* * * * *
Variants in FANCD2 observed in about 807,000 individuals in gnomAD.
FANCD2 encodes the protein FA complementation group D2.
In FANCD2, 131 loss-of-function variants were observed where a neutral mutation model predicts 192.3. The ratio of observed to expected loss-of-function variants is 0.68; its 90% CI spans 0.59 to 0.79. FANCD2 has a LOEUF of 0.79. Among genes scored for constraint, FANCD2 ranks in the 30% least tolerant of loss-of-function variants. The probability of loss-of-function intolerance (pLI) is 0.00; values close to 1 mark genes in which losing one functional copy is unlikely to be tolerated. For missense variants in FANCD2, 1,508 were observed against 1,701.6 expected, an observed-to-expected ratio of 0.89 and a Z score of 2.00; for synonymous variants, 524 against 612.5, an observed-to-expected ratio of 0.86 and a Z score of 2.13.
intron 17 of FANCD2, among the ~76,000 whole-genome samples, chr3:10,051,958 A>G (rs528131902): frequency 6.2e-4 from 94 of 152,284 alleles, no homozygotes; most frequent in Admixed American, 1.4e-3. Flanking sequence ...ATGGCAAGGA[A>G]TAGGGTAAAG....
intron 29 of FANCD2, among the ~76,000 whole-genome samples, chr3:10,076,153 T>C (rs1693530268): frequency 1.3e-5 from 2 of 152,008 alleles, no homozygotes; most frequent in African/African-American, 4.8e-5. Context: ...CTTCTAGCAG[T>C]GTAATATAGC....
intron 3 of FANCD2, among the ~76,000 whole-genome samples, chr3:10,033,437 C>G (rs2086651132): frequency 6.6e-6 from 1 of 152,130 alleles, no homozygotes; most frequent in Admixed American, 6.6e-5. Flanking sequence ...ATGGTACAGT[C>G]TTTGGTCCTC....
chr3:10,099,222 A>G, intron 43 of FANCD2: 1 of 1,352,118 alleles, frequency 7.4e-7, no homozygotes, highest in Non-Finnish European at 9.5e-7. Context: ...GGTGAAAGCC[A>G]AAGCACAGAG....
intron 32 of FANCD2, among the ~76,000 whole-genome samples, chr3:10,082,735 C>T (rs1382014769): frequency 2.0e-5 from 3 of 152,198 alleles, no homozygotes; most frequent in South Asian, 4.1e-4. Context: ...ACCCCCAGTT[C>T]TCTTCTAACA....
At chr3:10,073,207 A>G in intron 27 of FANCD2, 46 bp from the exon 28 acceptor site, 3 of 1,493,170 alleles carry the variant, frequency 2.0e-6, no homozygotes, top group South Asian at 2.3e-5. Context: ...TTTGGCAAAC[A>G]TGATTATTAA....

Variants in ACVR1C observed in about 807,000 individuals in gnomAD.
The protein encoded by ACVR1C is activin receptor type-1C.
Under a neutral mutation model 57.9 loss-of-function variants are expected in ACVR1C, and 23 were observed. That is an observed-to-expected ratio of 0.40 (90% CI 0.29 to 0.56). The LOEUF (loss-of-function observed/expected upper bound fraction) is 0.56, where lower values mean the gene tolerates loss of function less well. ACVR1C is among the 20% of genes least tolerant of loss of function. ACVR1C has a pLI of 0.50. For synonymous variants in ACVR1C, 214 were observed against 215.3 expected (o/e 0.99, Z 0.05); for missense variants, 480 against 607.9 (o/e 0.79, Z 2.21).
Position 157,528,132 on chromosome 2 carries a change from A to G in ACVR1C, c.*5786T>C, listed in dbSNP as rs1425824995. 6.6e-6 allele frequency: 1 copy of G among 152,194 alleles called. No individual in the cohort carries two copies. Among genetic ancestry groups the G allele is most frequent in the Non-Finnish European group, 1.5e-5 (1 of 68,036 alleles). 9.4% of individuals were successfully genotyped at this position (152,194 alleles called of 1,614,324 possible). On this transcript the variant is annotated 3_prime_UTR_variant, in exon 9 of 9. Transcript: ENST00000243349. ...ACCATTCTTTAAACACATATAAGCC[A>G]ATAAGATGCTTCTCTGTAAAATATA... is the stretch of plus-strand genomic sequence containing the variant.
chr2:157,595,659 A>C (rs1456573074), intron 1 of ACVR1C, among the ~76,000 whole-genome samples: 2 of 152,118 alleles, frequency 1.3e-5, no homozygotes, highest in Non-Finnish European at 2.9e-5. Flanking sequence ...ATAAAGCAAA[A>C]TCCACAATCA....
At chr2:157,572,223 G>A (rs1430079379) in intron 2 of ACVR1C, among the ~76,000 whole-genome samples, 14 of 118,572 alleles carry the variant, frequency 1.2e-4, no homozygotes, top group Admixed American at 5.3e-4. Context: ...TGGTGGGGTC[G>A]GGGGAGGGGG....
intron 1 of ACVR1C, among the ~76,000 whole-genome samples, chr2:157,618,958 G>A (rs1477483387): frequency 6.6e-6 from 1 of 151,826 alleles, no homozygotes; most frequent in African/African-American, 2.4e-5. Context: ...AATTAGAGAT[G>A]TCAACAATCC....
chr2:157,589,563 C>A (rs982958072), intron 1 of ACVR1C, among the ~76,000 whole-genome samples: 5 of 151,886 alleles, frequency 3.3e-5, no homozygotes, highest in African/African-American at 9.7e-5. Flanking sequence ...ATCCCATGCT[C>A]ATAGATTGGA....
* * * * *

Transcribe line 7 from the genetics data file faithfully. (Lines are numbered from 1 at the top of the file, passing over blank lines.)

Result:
chr3:10,099,222 A>G, intron 43 of FANCD2: 1 of 1,352,118 alleles, frequency 7.4e-7, no homozygotes, highest in Non-Finnish European at 9.5e-7. Context: ...GGTGAAAGCC[A>G]AAGCACAGAG....